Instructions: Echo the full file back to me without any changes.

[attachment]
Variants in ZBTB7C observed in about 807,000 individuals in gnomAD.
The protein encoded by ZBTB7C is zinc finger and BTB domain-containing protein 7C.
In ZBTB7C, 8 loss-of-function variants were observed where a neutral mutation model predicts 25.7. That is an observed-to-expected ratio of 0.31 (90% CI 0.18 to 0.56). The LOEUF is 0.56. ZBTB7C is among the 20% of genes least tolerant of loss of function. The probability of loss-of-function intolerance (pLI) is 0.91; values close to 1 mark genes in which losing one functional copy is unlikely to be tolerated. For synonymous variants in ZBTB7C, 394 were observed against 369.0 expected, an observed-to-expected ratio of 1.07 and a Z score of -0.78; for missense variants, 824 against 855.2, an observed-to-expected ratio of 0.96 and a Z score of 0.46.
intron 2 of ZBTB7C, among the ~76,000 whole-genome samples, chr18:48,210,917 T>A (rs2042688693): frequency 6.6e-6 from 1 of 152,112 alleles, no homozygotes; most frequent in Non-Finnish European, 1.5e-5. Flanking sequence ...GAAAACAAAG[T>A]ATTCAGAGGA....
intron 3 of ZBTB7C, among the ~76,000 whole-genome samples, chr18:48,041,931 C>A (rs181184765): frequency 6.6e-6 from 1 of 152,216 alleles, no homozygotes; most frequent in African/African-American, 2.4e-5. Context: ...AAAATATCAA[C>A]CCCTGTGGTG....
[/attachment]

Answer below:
Variants in ZBTB7C observed in about 807,000 individuals in gnomAD.
The protein encoded by ZBTB7C is zinc finger and BTB domain-containing protein 7C.
In ZBTB7C, 8 loss-of-function variants were observed where a neutral mutation model predicts 25.7. That is an observed-to-expected ratio of 0.31 (90% CI 0.18 to 0.56). The LOEUF is 0.56. ZBTB7C is among the 20% of genes least tolerant of loss of function. The probability of loss-of-function intolerance (pLI) is 0.91; values close to 1 mark genes in which losing one functional copy is unlikely to be tolerated. For synonymous variants in ZBTB7C, 394 were observed against 369.0 expected, an observed-to-expected ratio of 1.07 and a Z score of -0.78; for missense variants, 824 against 855.2, an observed-to-expected ratio of 0.96 and a Z score of 0.46.
intron 2 of ZBTB7C, among the ~76,000 whole-genome samples, chr18:48,210,917 T>A (rs2042688693): frequency 6.6e-6 from 1 of 152,112 alleles, no homozygotes; most frequent in Non-Finnish European, 1.5e-5. Flanking sequence ...GAAAACAAAG[T>A]ATTCAGAGGA....
intron 3 of ZBTB7C, among the ~76,000 whole-genome samples, chr18:48,041,931 C>A (rs181184765): frequency 6.6e-6 from 1 of 152,216 alleles, no homozygotes; most frequent in African/African-American, 2.4e-5. Context: ...AAAATATCAA[C>A]CCCTGTGGTG....